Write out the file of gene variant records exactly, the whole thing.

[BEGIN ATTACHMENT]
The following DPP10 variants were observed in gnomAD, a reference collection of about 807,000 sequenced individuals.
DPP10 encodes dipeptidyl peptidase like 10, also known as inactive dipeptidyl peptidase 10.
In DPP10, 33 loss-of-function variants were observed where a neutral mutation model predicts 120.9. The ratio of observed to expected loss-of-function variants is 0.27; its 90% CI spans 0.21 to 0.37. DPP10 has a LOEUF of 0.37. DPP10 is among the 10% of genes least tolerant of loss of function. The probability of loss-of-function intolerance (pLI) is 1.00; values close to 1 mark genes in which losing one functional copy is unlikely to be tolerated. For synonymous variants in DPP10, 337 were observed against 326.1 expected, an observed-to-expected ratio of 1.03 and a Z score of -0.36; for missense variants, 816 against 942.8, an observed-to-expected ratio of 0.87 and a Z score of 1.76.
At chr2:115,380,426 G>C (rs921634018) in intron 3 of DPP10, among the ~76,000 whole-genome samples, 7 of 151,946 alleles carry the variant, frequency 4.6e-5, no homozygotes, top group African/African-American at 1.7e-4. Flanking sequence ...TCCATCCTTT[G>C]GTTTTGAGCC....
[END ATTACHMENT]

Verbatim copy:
The following DPP10 variants were observed in gnomAD, a reference collection of about 807,000 sequenced individuals.
DPP10 encodes dipeptidyl peptidase like 10, also known as inactive dipeptidyl peptidase 10.
In DPP10, 33 loss-of-function variants were observed where a neutral mutation model predicts 120.9. The ratio of observed to expected loss-of-function variants is 0.27; its 90% CI spans 0.21 to 0.37. DPP10 has a LOEUF of 0.37. DPP10 is among the 10% of genes least tolerant of loss of function. The probability of loss-of-function intolerance (pLI) is 1.00; values close to 1 mark genes in which losing one functional copy is unlikely to be tolerated. For synonymous variants in DPP10, 337 were observed against 326.1 expected, an observed-to-expected ratio of 1.03 and a Z score of -0.36; for missense variants, 816 against 942.8, an observed-to-expected ratio of 0.87 and a Z score of 1.76.
At chr2:115,380,426 G>C (rs921634018) in intron 3 of DPP10, among the ~76,000 whole-genome samples, 7 of 151,946 alleles carry the variant, frequency 4.6e-5, no homozygotes, top group African/African-American at 1.7e-4. Flanking sequence ...TCCATCCTTT[G>C]GTTTTGAGCC....